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Sociology Exam 2 Study Guide

by: Rachel Counce

Sociology Exam 2 Study Guide SOC101

Marketplace > University of Alabama - Tuscaloosa > SOC101 > Sociology Exam 2 Study Guide
Rachel Counce
GPA 3.9
Sociology 101-001 Intro To Sociology
Lesley Williams Reid

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About this Document

This is a very detailed study guide that is not meant to be memorized in its entirety, but includes information to help you understand the material better. Includes chapters 10, 11, and 14.
Sociology 101-001 Intro To Sociology
Lesley Williams Reid
Study Guide
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This 12 page Study Guide was uploaded by Rachel Counce on Wednesday March 11, 2015. The Study Guide belongs to SOC101 at University of Alabama - Tuscaloosa taught by Lesley Williams Reid in Spring2015. Since its upload, it has received 175 views.


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Date Created: 03/11/15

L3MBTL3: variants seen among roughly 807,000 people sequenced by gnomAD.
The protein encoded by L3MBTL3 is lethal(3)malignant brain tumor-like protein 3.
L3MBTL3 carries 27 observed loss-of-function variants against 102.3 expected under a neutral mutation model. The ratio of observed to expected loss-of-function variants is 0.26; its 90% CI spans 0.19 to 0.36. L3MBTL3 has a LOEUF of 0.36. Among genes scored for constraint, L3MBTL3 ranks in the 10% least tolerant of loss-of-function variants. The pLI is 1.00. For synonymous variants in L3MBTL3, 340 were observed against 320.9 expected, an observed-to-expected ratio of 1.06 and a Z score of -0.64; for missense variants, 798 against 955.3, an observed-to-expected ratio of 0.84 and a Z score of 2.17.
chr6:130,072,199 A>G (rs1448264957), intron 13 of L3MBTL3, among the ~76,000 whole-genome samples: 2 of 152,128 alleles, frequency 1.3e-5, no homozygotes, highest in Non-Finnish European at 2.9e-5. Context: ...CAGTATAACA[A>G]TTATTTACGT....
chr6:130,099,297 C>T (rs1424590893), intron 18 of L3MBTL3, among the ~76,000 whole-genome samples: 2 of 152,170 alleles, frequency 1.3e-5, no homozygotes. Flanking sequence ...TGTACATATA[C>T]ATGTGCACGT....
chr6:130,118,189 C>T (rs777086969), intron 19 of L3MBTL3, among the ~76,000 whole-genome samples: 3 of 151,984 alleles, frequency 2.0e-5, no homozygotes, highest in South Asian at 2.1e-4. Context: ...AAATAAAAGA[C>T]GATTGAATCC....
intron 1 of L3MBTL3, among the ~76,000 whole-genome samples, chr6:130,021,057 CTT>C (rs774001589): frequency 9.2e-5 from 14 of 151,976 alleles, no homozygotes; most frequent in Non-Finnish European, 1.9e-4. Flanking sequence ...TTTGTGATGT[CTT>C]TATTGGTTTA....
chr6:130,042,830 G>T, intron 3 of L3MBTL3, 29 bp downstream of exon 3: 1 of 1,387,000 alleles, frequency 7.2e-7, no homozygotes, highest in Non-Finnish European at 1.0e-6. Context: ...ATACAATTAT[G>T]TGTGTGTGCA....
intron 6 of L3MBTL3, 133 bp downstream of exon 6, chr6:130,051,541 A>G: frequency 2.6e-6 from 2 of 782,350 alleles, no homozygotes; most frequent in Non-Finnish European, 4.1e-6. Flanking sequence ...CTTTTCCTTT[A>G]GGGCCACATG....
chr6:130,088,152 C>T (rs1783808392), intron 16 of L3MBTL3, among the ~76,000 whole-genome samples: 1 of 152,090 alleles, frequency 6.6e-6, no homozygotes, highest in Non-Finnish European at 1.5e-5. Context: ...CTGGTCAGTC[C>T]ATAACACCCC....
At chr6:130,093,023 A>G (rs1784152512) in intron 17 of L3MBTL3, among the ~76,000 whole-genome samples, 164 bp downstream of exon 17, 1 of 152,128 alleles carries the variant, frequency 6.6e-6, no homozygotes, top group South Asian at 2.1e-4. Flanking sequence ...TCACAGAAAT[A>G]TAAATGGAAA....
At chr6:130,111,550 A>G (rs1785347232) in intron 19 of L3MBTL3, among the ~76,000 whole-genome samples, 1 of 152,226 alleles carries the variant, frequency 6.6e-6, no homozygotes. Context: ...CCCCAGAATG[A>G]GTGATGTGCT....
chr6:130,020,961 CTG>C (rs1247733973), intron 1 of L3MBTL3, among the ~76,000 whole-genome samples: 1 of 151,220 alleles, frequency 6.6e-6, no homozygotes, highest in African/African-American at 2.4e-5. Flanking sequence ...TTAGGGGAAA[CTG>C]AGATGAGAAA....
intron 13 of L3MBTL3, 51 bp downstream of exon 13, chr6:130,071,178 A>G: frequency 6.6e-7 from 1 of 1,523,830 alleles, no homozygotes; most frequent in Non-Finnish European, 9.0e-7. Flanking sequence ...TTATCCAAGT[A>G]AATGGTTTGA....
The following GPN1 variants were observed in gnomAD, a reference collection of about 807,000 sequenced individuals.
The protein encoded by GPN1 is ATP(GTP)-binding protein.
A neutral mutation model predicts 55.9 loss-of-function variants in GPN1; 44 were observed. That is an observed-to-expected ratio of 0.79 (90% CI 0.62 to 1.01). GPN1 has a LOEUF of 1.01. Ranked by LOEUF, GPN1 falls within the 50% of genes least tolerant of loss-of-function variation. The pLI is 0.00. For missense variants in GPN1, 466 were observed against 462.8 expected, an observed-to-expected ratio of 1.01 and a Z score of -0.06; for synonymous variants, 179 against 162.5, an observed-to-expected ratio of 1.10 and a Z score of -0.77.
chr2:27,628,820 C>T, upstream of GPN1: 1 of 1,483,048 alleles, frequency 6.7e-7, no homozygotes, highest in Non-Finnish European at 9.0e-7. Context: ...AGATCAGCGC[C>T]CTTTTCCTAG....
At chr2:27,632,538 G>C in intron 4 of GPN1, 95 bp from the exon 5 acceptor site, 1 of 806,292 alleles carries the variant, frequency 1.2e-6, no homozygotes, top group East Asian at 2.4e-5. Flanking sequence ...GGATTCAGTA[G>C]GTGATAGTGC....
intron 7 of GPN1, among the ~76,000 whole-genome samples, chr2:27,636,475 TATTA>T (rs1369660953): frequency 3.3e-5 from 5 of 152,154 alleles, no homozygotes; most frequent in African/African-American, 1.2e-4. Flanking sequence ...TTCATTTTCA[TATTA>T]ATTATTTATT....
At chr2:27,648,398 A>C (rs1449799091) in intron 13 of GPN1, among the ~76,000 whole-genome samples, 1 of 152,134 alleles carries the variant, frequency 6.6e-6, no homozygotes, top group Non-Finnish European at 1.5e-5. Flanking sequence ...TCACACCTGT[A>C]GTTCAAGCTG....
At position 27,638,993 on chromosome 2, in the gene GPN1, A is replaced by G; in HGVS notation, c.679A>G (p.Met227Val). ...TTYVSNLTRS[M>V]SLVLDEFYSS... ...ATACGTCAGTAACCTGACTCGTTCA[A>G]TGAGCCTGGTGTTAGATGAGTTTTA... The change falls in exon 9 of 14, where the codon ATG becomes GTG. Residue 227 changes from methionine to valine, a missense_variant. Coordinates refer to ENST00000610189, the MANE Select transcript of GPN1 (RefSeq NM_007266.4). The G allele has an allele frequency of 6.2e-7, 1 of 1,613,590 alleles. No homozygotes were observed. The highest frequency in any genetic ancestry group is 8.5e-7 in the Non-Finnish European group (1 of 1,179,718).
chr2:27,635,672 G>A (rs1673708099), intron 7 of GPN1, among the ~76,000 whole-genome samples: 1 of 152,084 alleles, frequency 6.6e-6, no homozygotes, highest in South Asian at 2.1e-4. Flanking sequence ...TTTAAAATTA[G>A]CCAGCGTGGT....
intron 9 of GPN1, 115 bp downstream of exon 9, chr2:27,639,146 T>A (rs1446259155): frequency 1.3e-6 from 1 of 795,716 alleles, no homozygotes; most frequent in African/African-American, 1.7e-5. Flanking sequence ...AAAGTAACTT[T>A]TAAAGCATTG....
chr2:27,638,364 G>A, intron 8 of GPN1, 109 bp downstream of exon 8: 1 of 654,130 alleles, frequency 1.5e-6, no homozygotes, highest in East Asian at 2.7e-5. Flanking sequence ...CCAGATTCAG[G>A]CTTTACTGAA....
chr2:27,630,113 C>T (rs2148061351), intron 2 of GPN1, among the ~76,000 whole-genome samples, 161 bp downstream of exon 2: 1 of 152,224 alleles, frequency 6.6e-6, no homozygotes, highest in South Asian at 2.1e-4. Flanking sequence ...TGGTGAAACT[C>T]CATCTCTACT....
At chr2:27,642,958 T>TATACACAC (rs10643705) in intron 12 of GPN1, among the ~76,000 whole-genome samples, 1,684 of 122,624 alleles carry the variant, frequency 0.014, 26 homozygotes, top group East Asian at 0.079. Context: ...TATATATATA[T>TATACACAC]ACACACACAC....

Rachel Counce March 8 2015 Sociology 101 Exam 2 Study Guide Social Inequality The Stratification Process 0 Sssiai differentiation division of labor 0 Sssiai iii 1ti3lii unequal access to valued resources and position 0 Sssiai StiqgltifiCCatitDii is a system by which a society ranks categories of people in a hierarchy The four principles of stratification systems 1 Principle 1 Social stratification is a trait of society not simply a re ection of individual differences 2 Principle 2 Social stratification carries over from generation to generation 2 Example parents passing their social positions on to their children this is a societal trait rather than an individual trait 2 Some especially those in highincome societies experience social mobility a change in position within the social hierarchy 3 Principle 3 Social stratification is universal but variable 2 Social stratification is everywhere but what is unequal and how unequal it is varies from one society to another 4 Principle 4 Social stratification involves not just inequality but beliefs as well 2 Just like how inequality varies between societies so does the explanation as to why people should be unequal vary between different societies Basis of Stratification Systems Formal versus informal stratification Closed caste versus open class stratification systems 0 Closed caste systems allow for little change in social position 0 Open class systems permits much more social mobility The Caste System Caste system a system by which a society ranks categories of people social stratification based on ascription or birth agrarian societies 1 Determines the direction of a person s life at birth perform one type of work 2 Demands that people marry others of the same ranking endogamous within 3 Guides everyday life by keeping people in the company of their own kindquot 4 Rest on powerful cultural beliefs Rachel Counce March 8 2015 The Class System Class system a system by which a society ranks categories of people social stratification based on both birth and individual achievement 0 O O 0 More open than caste systems so people who earn schooling and skills can experience social mobility Categorizing people by their sex color or social backgrounds is seen as wrong Work is not fixed at birth and involves personal choice Families can have different social standings Meritocracy refers to a system by which a society ranks categories of people social stratification based on personal merit which includes a person s knowledge abilities and effort 0 The degree of uniformity in a person s social standing across various dimensions of social inequality Ascribed status vs Achieved status 0 O Ascribed not earned but something people are born with and have no control over 2 Ex being born into poverty it is usually harder to overcome obstacles to upper classes Achieved acquired on the basis of merit position that is earned or chosen and re ects a person s skills abilities and efforts 2 Ex Lawyer or doctor professional athlete Theories of Stratification Functionalist theories the DavisMoore thesis States that social stratification has beneficial consequences for the operation of society 0 0 Some form of social stratification has been found in every society Increases society s productive efficiency more important positions require higher rewards to draw talented people to those jobs not let anybody do any job ie a surgeon Those who have jobs with the greatest functional important gain the most rewards According to the structuralfunction approach social stratification plays a vital role in the operation of society Scarcity o Talent control of access to training by powerful and privileged groups creates artificial scarcity of talent much of the society s potential talent will go unutilized because of wealth education and professional associations Training high income power and prestige of a particular position are due to functional importance or scarcity of trained personal Rachel Counce March 8 2015 Several critiques of the functionalist perspective 0 0 How we assess the importance of a particular occupation Melvin Tumin claimed that Davis and Moore ignores how caste elements of social stratification can prevent the development of individual talent Living in a society that places so much emphasis on money we tend to overestimate the importance of highpaying work People in this society who are born wealthy aren t given the opportunity to develop their talents like those who are not wealthy The DavisMoore thesis ignores how social inequality may promote con ict and even outright revolution Con ict theories Marx Dichotomous class structure and how it is determined by one s relationship to the means of production ourgeoisie in industrial class systems they own the factories also called capitalists O roletariat workers that labor in the factories Marx s labor theory of value 0 The economic value of a good or service should be decided by the total amount of labor that was required to produce it Socialcon ict analysis argues that rather than benefiting society as a whole social stratification benefits some people and disadvantages others 0 O Drawn on ideas of Karl Marx Explained two basic relationships to the idea of production either own property or are laborers Supports overthrowing capitalist society arguing that it reproduces the class structure in each generation passing wealth down from generation to generation Believed a socialist society would replace capitalism tending to the needs of many rather than an elite few Marx believed that need should form the basis of rewards given to people in a society Criticism of Marxism O Denies a central idea of the DavisMoore theory system of unequal rewards is necessary to place talented people in the right jobs and to motivate them to work hard Revolutionary change Marx predicted has not happened in advanced capitalist societies Rachel Counce March 8 2015 No Marxist revolution according to Ralf Dahrendorf 1 Fragmentation of the capitalist class ability to hold stocks 2 Higher standard of living most people hold whitecollar j obs 3 More worker organizations allowed to hold strikes labor unions etc 4 Greater legal protections safer unemployment insurance disability and Social Security VVeber What does Weber mean by life chances Theory of opportunities each individual has to improve their quality of life 0 These opportunities refer to the extent that someone has access to resources food school shelter health care etc Weber felt that Marx s economicbased dichotomous class structure as too simple Instead Weber claims that social stratification involves three distinct dimensions of inequality 1 Class economic inequality 2 Status social prestige 3 Party power 0 Each dimension stands out at different evolutionary points in society s growth 0 gocioeconomic status SEES refer to a composite ranking based on various dimensions of social inequality Marx thought societies could eliminate social stratification by taking away private ownership overthrowing capitalistic ideas but weber doubted that overthrowing capitalism would significantly lessen social stratification Some additional terms to know gocial mobility a change in position within the social hierarchy social mobility goes upward or downward 0 Ex Jay Z didn t graduate high school but still ended up with fame and fortune Hmtergeneraiiomal mobiliw upward or downward social mobility to children in relation to their parents Hmtragemeraiional mobility social movement between social classes and occupations the change occurring within an individual s lifetime 0 A caste system has limited social mobility and high status consistency 2 The degree of uniformity in a person s social standing across various dimensions of social inequality Rachel Counce March 8 2015 The greater mobility of class systems produces less status consistency Social hierarchies endure is ideology cultural beliefs that justify particular social arrangements including patterns of inequality 2 Ex the idea that rich people are smart and poor people are lazyis ideological to that extent that it supports inequality by defining it as fair Kuznets curve Shows that greater technological sophistication is generally accompanied by more pronounced social stratification As an economy develops market forces first increase and then decrease economic inequality Technological advances first increase and then moderate the extent of social stratification o Agrarian societies greater inequality is functional 0 Industrial societies benefit from a more equal society Curve reverse itself as greater equality comes about Broken line represents the postindustrial society in which economic inequality increased Criticisms 0 Income inequality re ects not only technological development but also political and economic priorities of a country 0 This curve was developed by comparing societies at different levels of economic development Social Class in the US Contemporary Models of Social Class in the United States Superclass Four types of capital 1 Consumption capital demand privileged Class is manipulated in the favor of the 20 sellers marketing techniques 2 Investment capital funds and assets invested into in order to further a business and or make a New pm t Working V 3 Skill capital what a person can Class Cont39ngent Class I contribute to the overall profit 80 4 Social capital collective economic benefits from the cooperation between individuals and groups social networks Rachel Counce March 8 2015 Conventional Model of Class in the United States Defining classes in the US is difficult because of our relatively low level of status consistency Toward the middle of the hierarchy people s standing in one dimension may not be the same as their standing in another 0 Ex a government official may have the power to administer a multimillion dollar budget yet may earn a modest income 1 Upper Class 0 5 of US population 0 Earn at least 205000 or more 0 Most are business owners executives in large corporations or senior government officials o Historically upperclass was composed of AngloSaxon Protestants no longer accurate UpperUppers 0 Include 1 of US population Almost always the result of being born into Primary inherited wealth in the form of stocks bonds real estate and investments 01d moneyquot Children typically go to private schools and prestige colleges Women do volunteer work to broaden power and build networks LowerUpper 00000 0 Most upper class people fall under this category 34 0 Working richquot instead of inherited rich 0 Not usually associated with old moneyquot families Made up of 4045 of US population Great in uence on our culture More diversity and ethnicity than the upper class 000 UpperMiddles 0 Income of 116000 205000 0 2 3 graduate from college and postgraduate degrees are common 0 Play an important role in local Political affairs AverageMiddles 0 Close to the center of US class structure 0 Income between 48500 116000 0 Build up a small amount of wealth over the course of lives 0 Less than 5050 that they will complete a 4year college degree 3 Working Class 0 About 13 of the US population 0 Income is between 27000 48500 Rachel Counce March 8 2015 Little or no wealth and are vulnerable to financial complications In Marxist terms forms the core of the industrial proletariat Iobs hold little personal satisfaction 0 Only 14 of children get a 4year college degree 4 Lower Class 0 20 of US population 0 75 complete high school but only 15 complete 4year college degrees 0 Struggle with unemployment or minimal income 000 Up to 51 in 2013 Shaw of Minimum Population wealth Anrdgi39mg m Percentage of All US Income Percentage 01 All USWealh 26 quot395 14 Enchant 20 percent Second 20 percent Third 20 percent Fourth 20 percent Poorest 20 percent of families of families Top 1 398 Up to 418 in 2012 Income Inequality Income earning from work or investments 0 US has never had a caste system or titled nobility however we are highly stratified 0 Rich receive the most school services highest incomes and benefit from the best health 0 During recent decades income inequality has increased How income inequality is measured using shares of aggregate income 0 The highest paid 5 of US families earn at least 205000 or 213 of all income which is more than the total income of the lowest paid 40 o The richest people now receive a much larger share of all income In 1978 the top 01 of all earners received 27 of all income in 2010 the total was 3 times this Rachel Counce March 8 2015 Statistics to know 51 of income received by the top 20 earners as of 2013 Minimum annual income for the top 1 is 370000 minimum annual income for the top 20 is 116000 Income share of the top 1 was at it s peak in 1928 with income share at around 25 since then these numbers have declined until 1988 and increasing ever since then As of 2013 there is a little under 20 income share Wealth Inequality Wea th the total value of money and other assets minus outstanding debts 0 Includes stocks bonds personal property insurance policies investments and real estate Does not include debt or home mortgage Distributed more unequally than income Income is a part of a person s wealth Wealth lessens vulnerability increases opportunities a creates a source of power Occupational prestige refers to the fact that people give more respect to those who have an quotimportantquot job such as a physician or lawyer and less respect to those with modest jobs such as a waitress or janitor Wealth is cumulative meaning it s value tends to increase through investment Can be passed down from generation to generation giving those who inherent wealth a considerable disadvantage in accumulating more resources Negative wea th families are living in debt and are at the bottom of the income distribution 0 Versus those who are at the bottom due to poverty How wealth inequality is measured using shares of aggregate income 0 The top 1 own 35 of the nation s private resources 0 The top 5 owns 63 of all private property 0 The top 20 own 89 of the country s wealth 0000 Statistics to know Percentage of wealth controlled by the top 20 and the top 1 of wealth holders as of 2011 o 889 ofwealth controlled by top 20 o 398 ofwealth controlled by top 1 Minimum wealth threshold of the top 10 and top 1 of wealth holders 0 Minimum wealth threshold for top 10 is 3964000 0 Minimum wealth threshold for top 1 is 20561000 Wealth share of the top 1 was at its peak in 1928 with wealth share over 50 numbers declined around 1988 and have increased since with over 40 of wealth share in 2013 Rachel Counce Poverty Federal peveuqty lime the amount of money needed to support the basic needs of a March 8 2015 household as determined by the government Below this line is considered poor To determine FPL the social security administration takes a low cost food budget and multiples by a factor of 3 assuming that the family spends approximately 13 of its budget on food 5 Problems associated with how we measure poverty using FPL 1 2 3 4 5 Inadequate baseline its headcount approach identifies only the share of the people who fall below the poverty threshold but does not measure the depth of the economic need No InKind Income Does not re ect modern expenses and recourses excluding significant draws on income such as taxes work expenses outof pocket medical expenses and inkind benefits food assistance No regional adjustments Does not vary by geographic location differences in cost of living in the US Only adjusted for in ation Arbitrary Threshold Relative bevequ the lack of resources of some people in relation to those who have more Abselmte peveuqty a lack of resources that is life threatening O 46 million men woman and children have been classified as poor 15 of US population Statistics and Trends in Poverty As of 2011 O O O O 15 or 46 million of the population is considered poor Family of four poverty line is 23624 Average income of a poor family was only 59 of this amount Poverty rate fell in the 1960 s rising and falling in narrow range in the decades since Poverty by Age 20 1 1 People over 65 87 fell from 30 in 1967 Elderly that are poor 78 Poverty in children under 18 219 Age 1824 206 48 of the US poor are ages 24 or younger Better retirement programs offered today by private employers and the government has decreased the poverty rate for the elderly Rachel Counce March 8 2015 Variations in Poverty The greatest concentration of poverty is found in central cities 20 Rural Appalachia Deep South Along the border with Mexico Near the four corners region in the Southwest 0 The Dakotas Chronicity 2 of poor OOOOO Concentration 12 of poor overall Severity 43 ofpoor Race and Ethnicity Minority Majority Dichotomy Miaerity greaps any category of people distinguished by physical or cultural difference that a society sets apart and subordinates Six characteristics of minority groups 1 Shared physical or cultural characteristics 2 Does not have to be a numerical minority 3 Eadegaiiiy custom of marrying only within the limits of a local community or group 4 Involuntary membership 5 Unequal treatment 6 Relatively high solidarity Race a socially constructed category of people who share biologically transmitted traits that members of a society consider important Rtiiriicity a shared cultural heritage Race biological traits ethnicity cultural traits Rrejiiciice a rigid and unfair generalization about an entire category of people Stereewpe a simplified description applied to every person in some category Racism the belief that one racial category is innately superior or inferior to another Cciermiiaci Racism ignoring legitimate racialethnic cultural and other differences insisting that the race problem in America will go away if race is ignored altogether o Accompanying this belief is the opinion that race differences in America are merely an illusion and that race is not real 0 The use of the principle of race neutrality to defend a racially unequal status quo disregards Race biological traits Rachel Counce March 8 2015 Race as an illusion what we perceive as race is one of the first things we notice about each other and attached to those characteristics is a mosaic of values assumptions and historical meanings Race as a sociohistorical process Omi and Winant racial categories are created inhibited and transformed o Sociohistorical process according to Omi Winant s racial formation theory 0 Racial f rmati m thecmy theory that instead of race being something that is concrete due to biology and upbringing is what constructs their identity 2 Omi and Winant suggest instead that race is uid and is based on the person s individual interactions with other people and the social structures and common ideologies of a society Consequences of colorblind racism Disregards racial characteristics when deciding if someone will participate in certain activities or receive certain services People use colorblind racism as a way to avoid the topic of racism and racial discrimination Colorblind racism operates under the assumption that we are living in postrace world when in fact race is still an issue Colorblind racism undercuts the legal foundation of integration and affirmative action 0 Ex people claim to believe in race neutrality except when it hurts them Statistics and Trends Patterns of income and wealth inequality by race and ethnicity 0 Median family income by race from 19732013 approx Asian 19872013 60000 low 75000 high White 49000 low 62000 high Hispanic 35000 low 45000 high Black 28000 low 41000 high Trends in poverty by race and ethnicity 0 Rates of poverty by race from 19732013 White 7 low 13 high Hispanic 21 low 31 high Black 23 low 36 high 0 Rates of child poverty by race Asian 10 low 24 high White 9 low 15 high Hispanic 27 low 41 high Black 30 low 47 high Rachel Counce March 8 2015 D HU1F segregation different racial classes are separated by one another by law De Facto segregation segregation in US during 1950s and 1960s was discrimination and not segregation by law Assimiiation process by which a person acquires the social and psychological characteristics of a group 0 Ex waves of immigrants have been assimilated into the American culture institutionai Racism any system of inequality based on race 0 Ex public government bodies private business corporations and universities gaiieiice Printipie we categorize people on the basis of what appears initially prominent and obvious characteristics are culturally determined 0 Ethnicity gender social class and religion are among the most prominent features by which people are categorized gtereowpe intei changeabiiiw the principle that negative stereotypes are often interchangeable from one racial group to another social class to another from a racial group to a social class or from a social class to a gender